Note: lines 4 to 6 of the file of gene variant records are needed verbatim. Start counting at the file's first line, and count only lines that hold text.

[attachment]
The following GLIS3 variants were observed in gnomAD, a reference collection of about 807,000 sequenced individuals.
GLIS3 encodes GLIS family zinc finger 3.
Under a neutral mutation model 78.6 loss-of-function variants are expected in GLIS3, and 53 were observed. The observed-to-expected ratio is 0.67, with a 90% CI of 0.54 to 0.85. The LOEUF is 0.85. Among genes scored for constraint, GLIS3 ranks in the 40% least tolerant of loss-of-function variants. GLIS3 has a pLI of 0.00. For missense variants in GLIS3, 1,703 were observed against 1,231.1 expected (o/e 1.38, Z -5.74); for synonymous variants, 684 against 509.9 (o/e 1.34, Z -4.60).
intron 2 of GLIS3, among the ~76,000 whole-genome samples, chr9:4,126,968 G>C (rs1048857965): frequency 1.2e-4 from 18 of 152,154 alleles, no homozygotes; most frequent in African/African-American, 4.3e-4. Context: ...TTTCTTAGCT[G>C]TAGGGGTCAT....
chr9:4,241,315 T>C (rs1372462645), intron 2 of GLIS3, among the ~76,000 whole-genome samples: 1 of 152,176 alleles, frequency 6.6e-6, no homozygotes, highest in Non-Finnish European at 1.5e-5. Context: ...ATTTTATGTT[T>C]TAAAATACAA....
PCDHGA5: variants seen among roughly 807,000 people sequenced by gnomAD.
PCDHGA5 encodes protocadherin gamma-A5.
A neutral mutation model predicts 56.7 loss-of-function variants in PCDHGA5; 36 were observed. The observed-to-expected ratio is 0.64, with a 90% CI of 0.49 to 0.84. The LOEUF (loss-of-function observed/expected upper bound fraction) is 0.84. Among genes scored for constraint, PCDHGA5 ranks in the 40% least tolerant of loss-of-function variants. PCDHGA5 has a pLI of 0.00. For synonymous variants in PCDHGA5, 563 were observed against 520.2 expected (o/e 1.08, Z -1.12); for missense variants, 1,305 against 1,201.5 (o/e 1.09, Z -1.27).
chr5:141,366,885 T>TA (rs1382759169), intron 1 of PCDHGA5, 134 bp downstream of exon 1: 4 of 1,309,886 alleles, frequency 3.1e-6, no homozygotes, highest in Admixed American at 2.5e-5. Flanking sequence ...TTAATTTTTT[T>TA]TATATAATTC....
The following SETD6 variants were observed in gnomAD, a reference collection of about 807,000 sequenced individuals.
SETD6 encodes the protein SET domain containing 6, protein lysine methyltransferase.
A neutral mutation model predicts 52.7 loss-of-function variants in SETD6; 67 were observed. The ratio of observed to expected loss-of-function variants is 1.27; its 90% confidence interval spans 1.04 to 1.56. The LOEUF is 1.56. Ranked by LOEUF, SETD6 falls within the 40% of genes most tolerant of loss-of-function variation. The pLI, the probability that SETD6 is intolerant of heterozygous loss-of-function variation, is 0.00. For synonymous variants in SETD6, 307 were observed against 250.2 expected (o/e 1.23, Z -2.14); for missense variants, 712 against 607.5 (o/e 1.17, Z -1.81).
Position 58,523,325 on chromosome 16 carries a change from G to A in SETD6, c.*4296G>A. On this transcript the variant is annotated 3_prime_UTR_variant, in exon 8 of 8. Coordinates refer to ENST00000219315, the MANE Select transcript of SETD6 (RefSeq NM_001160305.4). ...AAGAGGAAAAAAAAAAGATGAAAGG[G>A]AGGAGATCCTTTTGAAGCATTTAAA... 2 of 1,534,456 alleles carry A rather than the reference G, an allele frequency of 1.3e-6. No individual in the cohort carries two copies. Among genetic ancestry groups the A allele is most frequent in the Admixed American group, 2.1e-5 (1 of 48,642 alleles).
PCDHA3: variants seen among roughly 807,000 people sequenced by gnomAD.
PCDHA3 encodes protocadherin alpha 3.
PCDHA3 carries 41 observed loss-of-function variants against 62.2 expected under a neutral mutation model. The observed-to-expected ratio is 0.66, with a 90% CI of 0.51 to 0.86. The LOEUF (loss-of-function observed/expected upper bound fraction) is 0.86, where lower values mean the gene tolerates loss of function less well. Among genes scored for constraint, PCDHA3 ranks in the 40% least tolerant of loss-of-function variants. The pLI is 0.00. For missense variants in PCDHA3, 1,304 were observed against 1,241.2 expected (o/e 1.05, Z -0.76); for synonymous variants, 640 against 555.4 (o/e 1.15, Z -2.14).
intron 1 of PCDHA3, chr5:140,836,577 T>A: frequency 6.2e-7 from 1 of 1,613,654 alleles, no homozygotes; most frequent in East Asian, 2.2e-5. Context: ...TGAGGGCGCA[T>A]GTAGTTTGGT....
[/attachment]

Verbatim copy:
intron 2 of GLIS3, among the ~76,000 whole-genome samples, chr9:4,126,968 G>C (rs1048857965): frequency 1.2e-4 from 18 of 152,154 alleles, no homozygotes; most frequent in African/African-American, 4.3e-4. Context: ...TTTCTTAGCT[G>C]TAGGGGTCAT....
chr9:4,241,315 T>C (rs1372462645), intron 2 of GLIS3, among the ~76,000 whole-genome samples: 1 of 152,176 alleles, frequency 6.6e-6, no homozygotes, highest in Non-Finnish European at 1.5e-5. Context: ...ATTTTATGTT[T>C]TAAAATACAA....
PCDHGA5: variants seen among roughly 807,000 people sequenced by gnomAD.